Remembering Coretta

King Celebration ends with tribute to King’s widow

Shayla C. Davis of Alpha Kappa Alpha Sorority delivers her speech to the audience during the “Remembering Coretta” tribute.

BRAD McCLENNY/Special to the Guardian
Published: Thursday, January 26, 2012 at 6:01 a.m.
Last Modified: Wednesday, January 25, 2012 at 3:38 p.m.

Coretta Scott King was honored and remembered with prayer, music, praise dancing, a tribute by her Alpha Kappa Alpha Sorority sisters and a challenge to youth delivered by keynote speaker Shayla Davis.

More than 100 men, women and children attended "Remembering Coretta," an observance held as a part of King Celebration 2012 and sponsored by the Martin Luther King Jr. Commission of Florida. It was held last Tuesday at the east campus of Spirit of Faith Christian Center.

Coretta Scott King, the beloved wife of the Rev. Dr. Martin Luther King Jr., died on Jan. 30, 2006 at the age of 79.

Davis, a University of Florida student and member of the Iota Lambda chapter of Alpha Kappa Alpha Sorority Inc., said Scott King demonstrated her commitment to her husband's mission by picking up and carrying the torch for equal rights.

Devon Vickers, also member of the Iota Lambda chapter of Alapha Kappa Alpha Sorority Inc., who presided over the event, called Scott King a woman of class, elegant and fashionable.

In her welcome and occasion remarks, Florida Bridgewater-Alford, president of the Mu Upsilon Omega chapter of AKA, offered a brief biography of Scott King. She said Scott King joined the NAACP before she married King, and throughout her life fought for equal rights.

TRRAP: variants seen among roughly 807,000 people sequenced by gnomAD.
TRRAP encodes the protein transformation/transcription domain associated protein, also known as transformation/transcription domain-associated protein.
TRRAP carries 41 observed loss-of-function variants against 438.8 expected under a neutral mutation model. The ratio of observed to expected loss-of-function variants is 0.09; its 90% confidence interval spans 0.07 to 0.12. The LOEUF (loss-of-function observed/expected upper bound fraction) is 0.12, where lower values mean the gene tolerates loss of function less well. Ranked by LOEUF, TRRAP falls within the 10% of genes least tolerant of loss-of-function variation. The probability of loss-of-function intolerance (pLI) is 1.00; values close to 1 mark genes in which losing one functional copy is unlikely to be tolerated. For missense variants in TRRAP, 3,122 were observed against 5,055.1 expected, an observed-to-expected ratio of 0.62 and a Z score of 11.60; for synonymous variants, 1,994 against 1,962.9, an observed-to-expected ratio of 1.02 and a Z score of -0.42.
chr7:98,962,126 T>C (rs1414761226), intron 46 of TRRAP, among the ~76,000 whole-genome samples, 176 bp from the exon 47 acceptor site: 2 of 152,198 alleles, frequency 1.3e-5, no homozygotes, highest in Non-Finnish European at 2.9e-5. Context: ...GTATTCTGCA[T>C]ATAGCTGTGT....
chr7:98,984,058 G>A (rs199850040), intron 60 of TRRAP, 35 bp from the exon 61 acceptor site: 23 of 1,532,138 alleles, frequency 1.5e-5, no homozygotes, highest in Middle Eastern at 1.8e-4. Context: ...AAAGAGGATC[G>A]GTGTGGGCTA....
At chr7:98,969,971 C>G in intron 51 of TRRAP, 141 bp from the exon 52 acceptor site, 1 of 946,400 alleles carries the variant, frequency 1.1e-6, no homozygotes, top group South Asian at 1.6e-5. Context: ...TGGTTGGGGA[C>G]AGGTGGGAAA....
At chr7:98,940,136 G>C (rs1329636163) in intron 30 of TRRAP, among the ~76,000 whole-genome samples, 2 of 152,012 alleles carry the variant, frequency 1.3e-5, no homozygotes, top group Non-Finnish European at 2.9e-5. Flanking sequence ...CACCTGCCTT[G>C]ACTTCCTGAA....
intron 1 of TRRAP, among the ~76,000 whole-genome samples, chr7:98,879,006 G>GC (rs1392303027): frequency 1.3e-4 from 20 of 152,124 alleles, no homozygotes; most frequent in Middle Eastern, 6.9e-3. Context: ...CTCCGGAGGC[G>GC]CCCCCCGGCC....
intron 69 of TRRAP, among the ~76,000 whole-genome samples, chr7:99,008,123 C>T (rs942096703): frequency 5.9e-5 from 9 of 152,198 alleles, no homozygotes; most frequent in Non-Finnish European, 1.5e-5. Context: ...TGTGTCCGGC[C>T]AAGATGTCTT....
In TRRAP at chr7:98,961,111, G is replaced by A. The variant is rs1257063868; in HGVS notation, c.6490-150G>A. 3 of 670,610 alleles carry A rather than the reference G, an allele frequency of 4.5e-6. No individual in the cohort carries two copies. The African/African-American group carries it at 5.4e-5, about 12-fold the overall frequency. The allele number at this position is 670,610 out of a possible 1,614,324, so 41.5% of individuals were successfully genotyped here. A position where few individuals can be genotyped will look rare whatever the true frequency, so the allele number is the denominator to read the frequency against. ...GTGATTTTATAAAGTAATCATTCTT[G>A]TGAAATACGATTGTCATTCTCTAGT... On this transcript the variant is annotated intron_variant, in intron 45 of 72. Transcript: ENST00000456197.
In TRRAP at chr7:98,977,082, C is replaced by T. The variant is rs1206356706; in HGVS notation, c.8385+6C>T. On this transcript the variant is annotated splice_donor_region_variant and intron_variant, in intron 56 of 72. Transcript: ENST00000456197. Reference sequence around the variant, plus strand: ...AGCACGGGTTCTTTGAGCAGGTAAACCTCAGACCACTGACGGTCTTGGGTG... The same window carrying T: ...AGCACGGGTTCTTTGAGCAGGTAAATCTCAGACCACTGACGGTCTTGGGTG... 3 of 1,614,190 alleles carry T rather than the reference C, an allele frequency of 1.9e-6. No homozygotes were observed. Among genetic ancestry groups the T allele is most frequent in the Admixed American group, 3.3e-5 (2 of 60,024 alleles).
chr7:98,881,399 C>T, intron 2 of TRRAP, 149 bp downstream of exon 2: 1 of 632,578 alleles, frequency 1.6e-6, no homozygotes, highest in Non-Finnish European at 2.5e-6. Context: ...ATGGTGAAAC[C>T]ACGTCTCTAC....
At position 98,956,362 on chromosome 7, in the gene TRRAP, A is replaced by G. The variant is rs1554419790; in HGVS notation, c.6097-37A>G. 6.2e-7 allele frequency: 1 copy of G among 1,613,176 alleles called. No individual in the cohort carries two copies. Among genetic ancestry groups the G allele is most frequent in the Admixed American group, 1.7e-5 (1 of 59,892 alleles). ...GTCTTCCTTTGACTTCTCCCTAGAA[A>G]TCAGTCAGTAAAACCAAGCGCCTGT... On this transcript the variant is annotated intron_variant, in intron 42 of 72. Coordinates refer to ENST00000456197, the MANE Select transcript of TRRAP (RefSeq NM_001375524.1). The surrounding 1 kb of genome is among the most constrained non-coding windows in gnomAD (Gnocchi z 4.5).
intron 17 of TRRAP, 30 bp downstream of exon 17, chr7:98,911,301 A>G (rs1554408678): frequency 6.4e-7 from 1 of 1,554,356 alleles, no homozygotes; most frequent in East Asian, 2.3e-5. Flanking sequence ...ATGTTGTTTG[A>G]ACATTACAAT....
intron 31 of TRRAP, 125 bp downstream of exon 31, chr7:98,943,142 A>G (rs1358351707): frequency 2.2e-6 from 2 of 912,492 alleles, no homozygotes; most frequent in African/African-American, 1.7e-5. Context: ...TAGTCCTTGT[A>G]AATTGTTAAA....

"The struggle continues," said Bridgewater-Alford. "We have an opportunity to bring light to a dark place."

In keeping with the theme of the event, "Upward and Onward: Progressing Towards Her Vision," Davis challenged the youth to start with a dream, create a vision and end with a reality.

"Where do you fit?" Davis asked.

"Like Mrs. King, will you embody your own vision or simply rest upon the traditions that were created 50 years ago?" she asked.

"Now it's our time and our turn to unlock the door and walk across the threshold of opportunities, dreams and realities," she said.

"Your education is free, your community is here and your path is paved," she said.

"So ask yourself: Am I going to be a keeper of my own dream or allow my fear to prevent me from becoming all I envisioned?" Davis asked.

The invocation and benediction were delivered by the Rev. Kenneth Claytor, pastor of Spirit of Faith. Janice Nix-Crews, treasurer of the King Commission, recognized elected and appointed officials.

Tributes in dance were provided by Jamal Sowell, special assistant to University of Florida President Bernie Machen, and by the Mount Zura Full Gospel Baptist Church of Newberry. Scott King's elegance and grace were recognized in a performance by Courtney Gilmore, Justine Williams and Sitota Douglas, all members of the Iota Lambda chapter of AKA.

Musical selections were provided by the Martin Luther King Commission of Florida Community Choir and the Eastside High School Gospel Choir. A powerful rendition of "Lift Ev'ry Voice," the Negro National Anthem, was delivered by Karen Johnson, a member of Champion Ministries in northeast Gainesville. Sabine Justilien, a member of the Iota Lambda chapter of AKA, recited "Still I Rise" by Maya Angelou, in memory of Yolanda King, the Kings' oldest daughter, who died in 2007.

In his closing remarks, Rodney J. Long, founder and president of the King Commission, said the purpose of the event was to celebrate Scott King, a great woman who was there by her husband through it all — the sleepless nights and the bomb threats.

"He wouldn't be an icon if he had been without Coretta," Long said.

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